Justin Trudeau is caught between a pipeline and a hard place. Tim Harper writes:
For Trudeau, a major hit to his self-styled progressive climate change policy looms.
In essence, a prime minister who wants to be known as environmentally aware is touting an unpopular pipeline project as a means to combat climate change.
He has accused an NDP premier in B.C., who has formed a coalition with Green leader Andrew Weaver, of trying to “scuttle” a national climate change plan by blocking an increase in tanker traffic.
Trudeau has always tried to thread the needle on the balance between the economy and greenhouse gas targets, but it is getting more difficult.
Trudeau has said that he needed Rachel Notley on side to make his climate change policy work:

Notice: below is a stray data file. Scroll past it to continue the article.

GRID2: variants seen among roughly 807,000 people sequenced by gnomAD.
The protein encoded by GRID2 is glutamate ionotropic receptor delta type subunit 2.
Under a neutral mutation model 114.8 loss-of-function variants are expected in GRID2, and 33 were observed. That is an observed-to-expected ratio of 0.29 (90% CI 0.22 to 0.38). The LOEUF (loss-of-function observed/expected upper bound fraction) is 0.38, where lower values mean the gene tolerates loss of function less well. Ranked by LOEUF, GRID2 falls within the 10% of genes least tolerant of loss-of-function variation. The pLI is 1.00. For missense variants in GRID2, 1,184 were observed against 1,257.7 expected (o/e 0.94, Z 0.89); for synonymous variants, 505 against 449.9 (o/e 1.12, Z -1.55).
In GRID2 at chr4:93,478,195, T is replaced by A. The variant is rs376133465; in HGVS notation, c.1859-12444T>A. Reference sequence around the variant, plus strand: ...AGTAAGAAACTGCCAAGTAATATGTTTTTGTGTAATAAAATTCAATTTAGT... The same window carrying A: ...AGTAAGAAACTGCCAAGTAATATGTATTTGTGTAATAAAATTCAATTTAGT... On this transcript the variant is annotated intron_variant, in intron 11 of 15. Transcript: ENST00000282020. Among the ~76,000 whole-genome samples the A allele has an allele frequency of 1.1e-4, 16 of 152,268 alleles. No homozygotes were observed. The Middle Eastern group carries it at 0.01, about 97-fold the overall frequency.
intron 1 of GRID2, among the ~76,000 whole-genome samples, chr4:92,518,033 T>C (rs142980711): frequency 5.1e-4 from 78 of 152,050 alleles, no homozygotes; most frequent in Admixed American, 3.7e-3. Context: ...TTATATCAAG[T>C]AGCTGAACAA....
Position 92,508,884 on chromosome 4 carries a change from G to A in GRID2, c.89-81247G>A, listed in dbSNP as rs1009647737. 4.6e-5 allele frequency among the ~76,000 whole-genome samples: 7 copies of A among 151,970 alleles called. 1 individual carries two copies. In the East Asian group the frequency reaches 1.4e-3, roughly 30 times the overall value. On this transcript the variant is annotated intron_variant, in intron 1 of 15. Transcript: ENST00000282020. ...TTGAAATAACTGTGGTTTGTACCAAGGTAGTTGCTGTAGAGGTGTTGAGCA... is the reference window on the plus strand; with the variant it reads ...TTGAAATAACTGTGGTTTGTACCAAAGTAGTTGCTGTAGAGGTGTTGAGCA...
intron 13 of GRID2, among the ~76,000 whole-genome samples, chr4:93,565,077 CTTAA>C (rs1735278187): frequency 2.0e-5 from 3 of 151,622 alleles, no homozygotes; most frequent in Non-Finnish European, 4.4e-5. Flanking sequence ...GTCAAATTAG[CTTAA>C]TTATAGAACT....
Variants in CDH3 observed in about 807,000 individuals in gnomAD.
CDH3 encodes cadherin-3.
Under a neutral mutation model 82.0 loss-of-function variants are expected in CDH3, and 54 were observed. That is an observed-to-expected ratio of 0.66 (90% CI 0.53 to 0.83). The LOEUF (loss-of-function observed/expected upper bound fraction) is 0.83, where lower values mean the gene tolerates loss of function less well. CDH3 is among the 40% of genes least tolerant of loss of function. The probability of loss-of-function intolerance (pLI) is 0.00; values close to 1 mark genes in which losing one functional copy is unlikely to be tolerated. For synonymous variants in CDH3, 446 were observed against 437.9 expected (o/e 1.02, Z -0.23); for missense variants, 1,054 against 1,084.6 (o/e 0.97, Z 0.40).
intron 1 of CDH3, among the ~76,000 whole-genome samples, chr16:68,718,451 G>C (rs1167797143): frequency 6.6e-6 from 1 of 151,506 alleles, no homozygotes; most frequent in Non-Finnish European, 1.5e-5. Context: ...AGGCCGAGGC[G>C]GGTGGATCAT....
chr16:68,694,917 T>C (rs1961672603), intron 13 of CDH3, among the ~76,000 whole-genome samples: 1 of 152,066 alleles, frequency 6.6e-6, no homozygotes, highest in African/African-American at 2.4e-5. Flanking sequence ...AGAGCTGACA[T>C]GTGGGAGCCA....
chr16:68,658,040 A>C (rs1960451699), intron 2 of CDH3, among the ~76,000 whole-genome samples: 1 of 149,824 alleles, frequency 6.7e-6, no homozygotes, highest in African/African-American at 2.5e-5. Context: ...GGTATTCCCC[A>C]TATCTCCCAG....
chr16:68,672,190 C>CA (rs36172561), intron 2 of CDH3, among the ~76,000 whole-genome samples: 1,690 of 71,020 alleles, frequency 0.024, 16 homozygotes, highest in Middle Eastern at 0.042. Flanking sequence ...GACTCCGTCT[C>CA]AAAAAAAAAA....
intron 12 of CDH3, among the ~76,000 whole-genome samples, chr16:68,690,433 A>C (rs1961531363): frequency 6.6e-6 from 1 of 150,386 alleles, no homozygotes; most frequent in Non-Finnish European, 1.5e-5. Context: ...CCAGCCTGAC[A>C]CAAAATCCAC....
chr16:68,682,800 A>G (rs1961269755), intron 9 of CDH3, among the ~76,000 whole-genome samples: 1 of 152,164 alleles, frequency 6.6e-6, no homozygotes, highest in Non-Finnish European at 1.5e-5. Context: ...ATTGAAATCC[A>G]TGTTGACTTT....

“In order to get the national climate change plan — to get Alberta to be part of it, and we need Alberta to be part of it — we agreed to twin an existing pipeline in order to get to work,” he said.
“It was always a question of, if we could move forward responsibly on the Kinder Morgan pipeline, then Alberta would be able to be as ambitious as we needed Alberta to be and get on with the national climate change plan... they were linked to each other.”
Politically, this is accurate. Without Notley in Alberta, Trudeau risks having his national climate plan unravel, and, at least, he will be fighting with Alberta, Saskatchewan, Manitoba and possibly Ontario as he imposes carbon pricing on resistant premiers.
But a shorthand rallying cry of “Save the planet, expand a pipeline,’’ is a difficult sell.
And that's just the point. Trudeau's charm makes him a good salesman. But what he is selling is a flawed policy.
Image: The National Post